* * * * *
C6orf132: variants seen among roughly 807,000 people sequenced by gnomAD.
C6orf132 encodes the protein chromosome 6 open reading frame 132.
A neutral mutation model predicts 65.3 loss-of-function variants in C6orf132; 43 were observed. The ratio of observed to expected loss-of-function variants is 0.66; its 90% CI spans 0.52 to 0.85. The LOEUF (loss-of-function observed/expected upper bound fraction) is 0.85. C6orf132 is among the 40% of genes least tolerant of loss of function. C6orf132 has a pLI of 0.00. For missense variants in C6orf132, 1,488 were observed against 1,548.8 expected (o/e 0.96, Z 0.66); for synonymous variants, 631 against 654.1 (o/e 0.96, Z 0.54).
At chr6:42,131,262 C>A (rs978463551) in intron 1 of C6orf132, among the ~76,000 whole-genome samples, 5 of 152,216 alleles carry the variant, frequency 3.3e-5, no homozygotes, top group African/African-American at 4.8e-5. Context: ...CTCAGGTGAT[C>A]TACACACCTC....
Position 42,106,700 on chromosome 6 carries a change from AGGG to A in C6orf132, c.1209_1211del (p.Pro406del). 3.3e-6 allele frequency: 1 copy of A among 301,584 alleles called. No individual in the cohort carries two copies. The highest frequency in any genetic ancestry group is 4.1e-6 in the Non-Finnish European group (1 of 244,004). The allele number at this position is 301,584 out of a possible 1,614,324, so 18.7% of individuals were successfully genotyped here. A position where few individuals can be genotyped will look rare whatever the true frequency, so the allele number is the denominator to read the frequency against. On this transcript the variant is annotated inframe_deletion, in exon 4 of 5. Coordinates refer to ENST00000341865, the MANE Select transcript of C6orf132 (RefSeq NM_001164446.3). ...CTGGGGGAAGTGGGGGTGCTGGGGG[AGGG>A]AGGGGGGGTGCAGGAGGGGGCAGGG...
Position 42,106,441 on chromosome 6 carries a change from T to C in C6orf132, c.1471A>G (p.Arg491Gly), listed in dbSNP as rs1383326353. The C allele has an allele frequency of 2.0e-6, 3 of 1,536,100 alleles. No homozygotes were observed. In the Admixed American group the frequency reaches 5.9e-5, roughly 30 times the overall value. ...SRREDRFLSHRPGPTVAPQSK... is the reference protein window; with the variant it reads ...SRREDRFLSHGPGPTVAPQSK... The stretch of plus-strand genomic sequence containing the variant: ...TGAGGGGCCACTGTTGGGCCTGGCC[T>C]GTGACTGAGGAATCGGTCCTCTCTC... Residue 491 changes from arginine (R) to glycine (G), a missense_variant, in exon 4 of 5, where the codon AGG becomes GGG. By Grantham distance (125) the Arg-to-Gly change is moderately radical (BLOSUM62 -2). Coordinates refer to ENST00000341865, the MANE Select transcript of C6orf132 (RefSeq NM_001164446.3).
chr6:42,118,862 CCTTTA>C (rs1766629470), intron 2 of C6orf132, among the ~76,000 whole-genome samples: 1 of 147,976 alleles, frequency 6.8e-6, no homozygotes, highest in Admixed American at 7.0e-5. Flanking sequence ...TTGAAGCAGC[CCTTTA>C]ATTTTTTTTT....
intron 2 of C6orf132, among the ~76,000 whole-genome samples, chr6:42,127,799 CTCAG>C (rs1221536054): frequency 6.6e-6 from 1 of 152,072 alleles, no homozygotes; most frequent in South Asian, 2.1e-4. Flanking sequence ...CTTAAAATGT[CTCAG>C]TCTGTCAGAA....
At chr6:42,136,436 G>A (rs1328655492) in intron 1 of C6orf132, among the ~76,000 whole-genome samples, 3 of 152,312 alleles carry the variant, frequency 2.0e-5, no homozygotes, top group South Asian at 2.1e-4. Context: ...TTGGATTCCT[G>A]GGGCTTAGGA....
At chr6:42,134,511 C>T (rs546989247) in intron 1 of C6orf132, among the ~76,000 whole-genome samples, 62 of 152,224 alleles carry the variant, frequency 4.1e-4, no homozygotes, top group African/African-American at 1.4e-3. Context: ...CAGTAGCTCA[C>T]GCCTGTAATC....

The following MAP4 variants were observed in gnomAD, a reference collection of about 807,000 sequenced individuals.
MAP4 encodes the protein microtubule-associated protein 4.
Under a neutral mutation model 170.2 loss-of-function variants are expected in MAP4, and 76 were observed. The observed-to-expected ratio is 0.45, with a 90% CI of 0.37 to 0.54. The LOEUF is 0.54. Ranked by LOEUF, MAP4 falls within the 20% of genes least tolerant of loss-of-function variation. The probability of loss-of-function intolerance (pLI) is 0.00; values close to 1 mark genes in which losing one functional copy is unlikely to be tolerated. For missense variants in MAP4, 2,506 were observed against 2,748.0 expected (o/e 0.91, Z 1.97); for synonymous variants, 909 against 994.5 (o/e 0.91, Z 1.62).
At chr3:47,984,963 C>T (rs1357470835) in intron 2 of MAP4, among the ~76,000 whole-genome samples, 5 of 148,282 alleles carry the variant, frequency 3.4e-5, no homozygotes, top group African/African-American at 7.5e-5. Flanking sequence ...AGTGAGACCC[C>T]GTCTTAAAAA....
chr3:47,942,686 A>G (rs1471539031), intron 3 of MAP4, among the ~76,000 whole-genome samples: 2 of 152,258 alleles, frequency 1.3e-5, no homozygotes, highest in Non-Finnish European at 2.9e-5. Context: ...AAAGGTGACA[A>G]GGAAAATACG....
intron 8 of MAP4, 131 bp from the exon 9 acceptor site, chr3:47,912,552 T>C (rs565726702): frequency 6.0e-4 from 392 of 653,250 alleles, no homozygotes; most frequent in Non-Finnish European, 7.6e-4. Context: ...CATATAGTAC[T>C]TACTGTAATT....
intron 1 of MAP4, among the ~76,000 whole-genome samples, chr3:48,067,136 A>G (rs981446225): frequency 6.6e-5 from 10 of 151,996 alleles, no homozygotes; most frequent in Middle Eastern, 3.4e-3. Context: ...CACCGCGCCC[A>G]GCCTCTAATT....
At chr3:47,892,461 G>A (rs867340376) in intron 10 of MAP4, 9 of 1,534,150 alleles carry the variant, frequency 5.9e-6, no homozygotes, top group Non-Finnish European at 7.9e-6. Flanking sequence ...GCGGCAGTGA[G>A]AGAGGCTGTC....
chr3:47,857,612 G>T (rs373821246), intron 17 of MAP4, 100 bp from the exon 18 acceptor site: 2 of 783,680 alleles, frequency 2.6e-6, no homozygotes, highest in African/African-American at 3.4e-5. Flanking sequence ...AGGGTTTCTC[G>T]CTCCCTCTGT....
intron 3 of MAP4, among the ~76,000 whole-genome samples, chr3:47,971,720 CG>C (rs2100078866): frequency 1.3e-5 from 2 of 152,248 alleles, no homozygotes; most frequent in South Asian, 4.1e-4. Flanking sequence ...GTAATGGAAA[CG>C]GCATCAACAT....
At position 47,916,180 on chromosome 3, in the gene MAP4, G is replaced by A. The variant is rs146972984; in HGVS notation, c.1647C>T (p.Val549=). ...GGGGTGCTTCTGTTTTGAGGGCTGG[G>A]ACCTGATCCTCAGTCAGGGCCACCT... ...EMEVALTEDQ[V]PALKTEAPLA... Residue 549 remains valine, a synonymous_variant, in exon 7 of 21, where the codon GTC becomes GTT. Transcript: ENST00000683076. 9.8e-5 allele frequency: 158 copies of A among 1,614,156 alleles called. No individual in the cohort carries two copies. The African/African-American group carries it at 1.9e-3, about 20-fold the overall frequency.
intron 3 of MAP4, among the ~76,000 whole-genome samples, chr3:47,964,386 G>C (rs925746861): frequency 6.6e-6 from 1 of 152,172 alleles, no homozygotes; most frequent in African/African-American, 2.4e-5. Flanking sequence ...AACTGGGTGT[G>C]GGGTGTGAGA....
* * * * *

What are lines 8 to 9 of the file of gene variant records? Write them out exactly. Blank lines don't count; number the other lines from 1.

intron 2 of C6orf132, among the ~76,000 whole-genome samples, chr6:42,127,799 CTCAG>C (rs1221536054): frequency 6.6e-6 from 1 of 152,072 alleles, no homozygotes; most frequent in South Asian, 2.1e-4. Flanking sequence ...CTTAAAATGT[CTCAG>C]TCTGTCAGAA....
At chr6:42,136,436 G>A (rs1328655492) in intron 1 of C6orf132, among the ~76,000 whole-genome samples, 3 of 152,312 alleles carry the variant, frequency 2.0e-5, no homozygotes, top group South Asian at 2.1e-4. Context: ...TTGGATTCCT[G>A]GGGCTTAGGA....